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. Last Updated: 07/27/2016

Saudis to Rein in Oil Production

LONDON -- OPEC power Saudi Arabia has changed tack on output policy and is leading a drive aimed at reining in overproduction to help stem a slide in world oil prices, industry and OPEC sources said Tuesday.

Riyadh has informed many customers of cutbacks in December supplies under term contracts after several months of heavy leakage above its official OPEC quota, they said.

The move comes as Organization of the Petroleum Exporting Countries officials fret that quota-busting has got out of hand, undermining oil prices despite the bullish threat of a war against cartel member Iraq.

"The movement toward reduction has already started by OPEC countries, including Saudi Arabia," a Gulf source familiar with Saudi thinking said, adding that cartel members were in contact now about restraining oversupply.

"This reduction is likely to intensify in the coming weeks especially in light of a possible warm winter and the resulting lower-than-anticipated winter demand."

Oil prices have fallen from nearly $30 per barrel for Brent blend since mid-September to $24.50 on Tuesday, a welcome filip for global economies struggling to recapture growth.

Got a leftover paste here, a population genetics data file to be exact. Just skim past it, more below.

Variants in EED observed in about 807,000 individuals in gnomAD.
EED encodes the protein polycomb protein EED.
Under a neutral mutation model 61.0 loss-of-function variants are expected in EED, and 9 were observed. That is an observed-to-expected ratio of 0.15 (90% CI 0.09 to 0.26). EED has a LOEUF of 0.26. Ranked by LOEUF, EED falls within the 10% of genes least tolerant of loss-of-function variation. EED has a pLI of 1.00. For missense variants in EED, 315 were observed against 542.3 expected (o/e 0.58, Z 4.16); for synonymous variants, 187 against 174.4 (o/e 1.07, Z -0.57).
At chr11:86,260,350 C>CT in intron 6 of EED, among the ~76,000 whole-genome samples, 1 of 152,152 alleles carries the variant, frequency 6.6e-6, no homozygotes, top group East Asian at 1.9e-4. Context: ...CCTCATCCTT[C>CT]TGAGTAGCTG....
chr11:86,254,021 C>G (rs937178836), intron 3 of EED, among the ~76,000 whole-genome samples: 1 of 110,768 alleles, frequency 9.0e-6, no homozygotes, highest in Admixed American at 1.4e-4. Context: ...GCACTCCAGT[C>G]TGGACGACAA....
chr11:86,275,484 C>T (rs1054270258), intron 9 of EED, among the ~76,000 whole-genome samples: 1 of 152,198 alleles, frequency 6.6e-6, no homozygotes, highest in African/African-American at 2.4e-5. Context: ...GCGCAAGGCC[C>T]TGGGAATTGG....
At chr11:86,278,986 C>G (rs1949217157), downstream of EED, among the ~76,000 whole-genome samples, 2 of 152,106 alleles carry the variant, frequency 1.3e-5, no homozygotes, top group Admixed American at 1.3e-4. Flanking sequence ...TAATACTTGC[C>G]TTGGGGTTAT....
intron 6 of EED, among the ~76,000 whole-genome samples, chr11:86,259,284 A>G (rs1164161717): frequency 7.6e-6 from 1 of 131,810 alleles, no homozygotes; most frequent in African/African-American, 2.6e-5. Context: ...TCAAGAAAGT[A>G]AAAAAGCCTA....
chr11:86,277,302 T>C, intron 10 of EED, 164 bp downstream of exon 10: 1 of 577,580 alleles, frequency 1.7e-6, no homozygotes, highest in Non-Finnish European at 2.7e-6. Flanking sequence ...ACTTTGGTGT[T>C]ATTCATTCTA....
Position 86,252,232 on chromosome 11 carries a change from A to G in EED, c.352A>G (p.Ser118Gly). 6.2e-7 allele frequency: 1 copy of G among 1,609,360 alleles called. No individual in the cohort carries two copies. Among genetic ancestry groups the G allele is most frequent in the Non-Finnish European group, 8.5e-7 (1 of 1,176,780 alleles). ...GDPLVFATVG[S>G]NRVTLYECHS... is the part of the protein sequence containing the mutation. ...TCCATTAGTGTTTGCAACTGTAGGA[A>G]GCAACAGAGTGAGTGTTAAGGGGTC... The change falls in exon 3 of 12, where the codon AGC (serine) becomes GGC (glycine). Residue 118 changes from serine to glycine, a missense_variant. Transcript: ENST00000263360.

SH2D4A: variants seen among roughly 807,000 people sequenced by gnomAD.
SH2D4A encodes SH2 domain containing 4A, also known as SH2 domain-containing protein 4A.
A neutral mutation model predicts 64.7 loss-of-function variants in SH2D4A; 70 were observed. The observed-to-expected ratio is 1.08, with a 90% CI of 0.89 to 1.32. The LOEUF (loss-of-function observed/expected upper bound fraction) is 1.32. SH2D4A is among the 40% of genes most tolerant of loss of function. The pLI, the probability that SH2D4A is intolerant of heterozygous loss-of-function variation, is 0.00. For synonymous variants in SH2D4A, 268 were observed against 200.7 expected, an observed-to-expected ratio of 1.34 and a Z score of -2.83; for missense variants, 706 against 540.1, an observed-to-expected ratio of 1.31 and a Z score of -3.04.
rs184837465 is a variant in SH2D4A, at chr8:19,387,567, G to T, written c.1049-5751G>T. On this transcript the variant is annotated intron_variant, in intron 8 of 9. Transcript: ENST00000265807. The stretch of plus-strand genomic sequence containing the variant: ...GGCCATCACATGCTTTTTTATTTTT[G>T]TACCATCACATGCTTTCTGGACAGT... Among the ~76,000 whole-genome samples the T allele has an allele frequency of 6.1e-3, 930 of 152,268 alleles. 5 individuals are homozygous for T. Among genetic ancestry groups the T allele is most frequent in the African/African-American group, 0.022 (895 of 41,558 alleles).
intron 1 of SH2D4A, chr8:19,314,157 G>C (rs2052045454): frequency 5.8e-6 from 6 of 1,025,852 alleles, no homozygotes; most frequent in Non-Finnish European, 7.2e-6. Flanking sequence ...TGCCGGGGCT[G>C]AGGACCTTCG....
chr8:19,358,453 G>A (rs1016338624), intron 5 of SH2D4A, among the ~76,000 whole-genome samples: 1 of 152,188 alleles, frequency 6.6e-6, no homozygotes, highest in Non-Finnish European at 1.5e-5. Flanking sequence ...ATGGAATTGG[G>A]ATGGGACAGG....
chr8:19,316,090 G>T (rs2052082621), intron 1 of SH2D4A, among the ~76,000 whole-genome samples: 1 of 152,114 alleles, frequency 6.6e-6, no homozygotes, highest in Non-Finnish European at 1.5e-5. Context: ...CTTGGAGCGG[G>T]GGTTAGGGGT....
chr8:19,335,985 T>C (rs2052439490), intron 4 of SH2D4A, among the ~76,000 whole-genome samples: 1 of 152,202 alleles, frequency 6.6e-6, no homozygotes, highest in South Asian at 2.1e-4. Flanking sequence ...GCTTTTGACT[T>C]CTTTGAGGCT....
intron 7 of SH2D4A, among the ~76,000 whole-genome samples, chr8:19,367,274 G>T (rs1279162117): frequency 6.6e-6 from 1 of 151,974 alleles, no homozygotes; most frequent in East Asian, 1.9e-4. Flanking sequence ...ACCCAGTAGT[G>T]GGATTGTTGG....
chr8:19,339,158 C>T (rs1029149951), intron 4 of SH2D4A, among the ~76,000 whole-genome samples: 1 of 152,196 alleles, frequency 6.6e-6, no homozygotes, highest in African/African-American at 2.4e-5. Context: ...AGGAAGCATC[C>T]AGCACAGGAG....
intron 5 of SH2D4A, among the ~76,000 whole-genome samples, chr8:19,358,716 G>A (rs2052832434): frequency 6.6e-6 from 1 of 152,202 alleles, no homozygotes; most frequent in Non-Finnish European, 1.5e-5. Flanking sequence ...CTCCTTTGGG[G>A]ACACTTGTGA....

OPEC President Rilwanu Lukman said Monday that all in the group now were concerned about overproduction. "The whole of OPEC is trying to restrain it. Everyone is on board," he said in New York.

It remains to be seen whether Saudi's OPEC colleagues follow in the kingdom's footsteps quickly and throttle back before the group's Dec. 12 ministerial meeting, where the cheating issue is likely to dominate the agenda.

There is no sign yet of other producers trimming supplies.

"So far the Saudis are the only ones cutting back," said a senior Western oil executive. "They are taking a careful approach to the market. It makes sense to pre-empt a buildup in stocks."

Saudi term contract sales for December are estimated down by about 150,000 barrels per day. Sales to Europe and the United States have been cut both to major customers who buy ex-Ras Tanura and smaller buyers who purchase on a delivered basis.

Supplies to Asia, where refiners pay a premium for their crude, remain steady.

This week's comments from OPEC officials illustrate a swift change of thinking in the cartel in how to present policy.

Just two weeks ago Lukman, OPEC Secretary-General Alvaro Silva and Saudi Oil Ministry adviser Ibrahim al-Muhanna presented a united front during an industry conference in London, saying the leakage was of no concern because it was only enough to meet demand.

Their coordinated campaign to justify the extra supply as necessary to balance rising winter consumption failed to calm traders on markets made jittery by the reports of ballooning quota-busting, and Brent fell briefly below $23 per barrel.

Riyadh, like others in OPEC, will still be substantially in excess of quota. It pumped 8.1 million bpd, more than 1 million bpd above its 7.05 million bpd quota, in September and October, according to Reuters estimates.

While Saudi Arabia has acknowledged some leakage, it denies pumping as much as 8 million bpd.